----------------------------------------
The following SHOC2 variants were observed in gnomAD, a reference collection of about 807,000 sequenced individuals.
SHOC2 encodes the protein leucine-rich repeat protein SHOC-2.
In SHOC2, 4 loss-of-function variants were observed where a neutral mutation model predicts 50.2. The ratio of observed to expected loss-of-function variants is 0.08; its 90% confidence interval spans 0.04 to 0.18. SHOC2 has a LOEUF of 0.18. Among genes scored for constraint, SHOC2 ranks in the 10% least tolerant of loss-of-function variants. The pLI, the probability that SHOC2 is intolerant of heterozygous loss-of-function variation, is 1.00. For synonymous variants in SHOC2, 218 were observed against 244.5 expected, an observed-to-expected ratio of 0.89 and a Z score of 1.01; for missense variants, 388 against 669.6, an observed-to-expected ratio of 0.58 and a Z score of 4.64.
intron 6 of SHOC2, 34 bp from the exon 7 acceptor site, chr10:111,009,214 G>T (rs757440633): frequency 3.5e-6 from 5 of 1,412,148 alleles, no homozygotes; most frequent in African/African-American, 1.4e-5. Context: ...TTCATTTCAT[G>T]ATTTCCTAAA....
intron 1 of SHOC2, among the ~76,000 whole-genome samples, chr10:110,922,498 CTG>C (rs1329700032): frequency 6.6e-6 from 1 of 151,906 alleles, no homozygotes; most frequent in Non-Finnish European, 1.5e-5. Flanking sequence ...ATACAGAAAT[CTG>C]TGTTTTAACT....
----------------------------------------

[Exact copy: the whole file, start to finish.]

The following SHOC2 variants were observed in gnomAD, a reference collection of about 807,000 sequenced individuals.
SHOC2 encodes the protein leucine-rich repeat protein SHOC-2.
In SHOC2, 4 loss-of-function variants were observed where a neutral mutation model predicts 50.2. The ratio of observed to expected loss-of-function variants is 0.08; its 90% confidence interval spans 0.04 to 0.18. SHOC2 has a LOEUF of 0.18. Among genes scored for constraint, SHOC2 ranks in the 10% least tolerant of loss-of-function variants. The pLI, the probability that SHOC2 is intolerant of heterozygous loss-of-function variation, is 1.00. For synonymous variants in SHOC2, 218 were observed against 244.5 expected, an observed-to-expected ratio of 0.89 and a Z score of 1.01; for missense variants, 388 against 669.6, an observed-to-expected ratio of 0.58 and a Z score of 4.64.
intron 6 of SHOC2, 34 bp from the exon 7 acceptor site, chr10:111,009,214 G>T (rs757440633): frequency 3.5e-6 from 5 of 1,412,148 alleles, no homozygotes; most frequent in African/African-American, 1.4e-5. Context: ...TTCATTTCAT[G>T]ATTTCCTAAA....
intron 1 of SHOC2, among the ~76,000 whole-genome samples, chr10:110,922,498 CTG>C (rs1329700032): frequency 6.6e-6 from 1 of 151,906 alleles, no homozygotes; most frequent in Non-Finnish European, 1.5e-5. Flanking sequence ...ATACAGAAAT[CTG>C]TGTTTTAACT....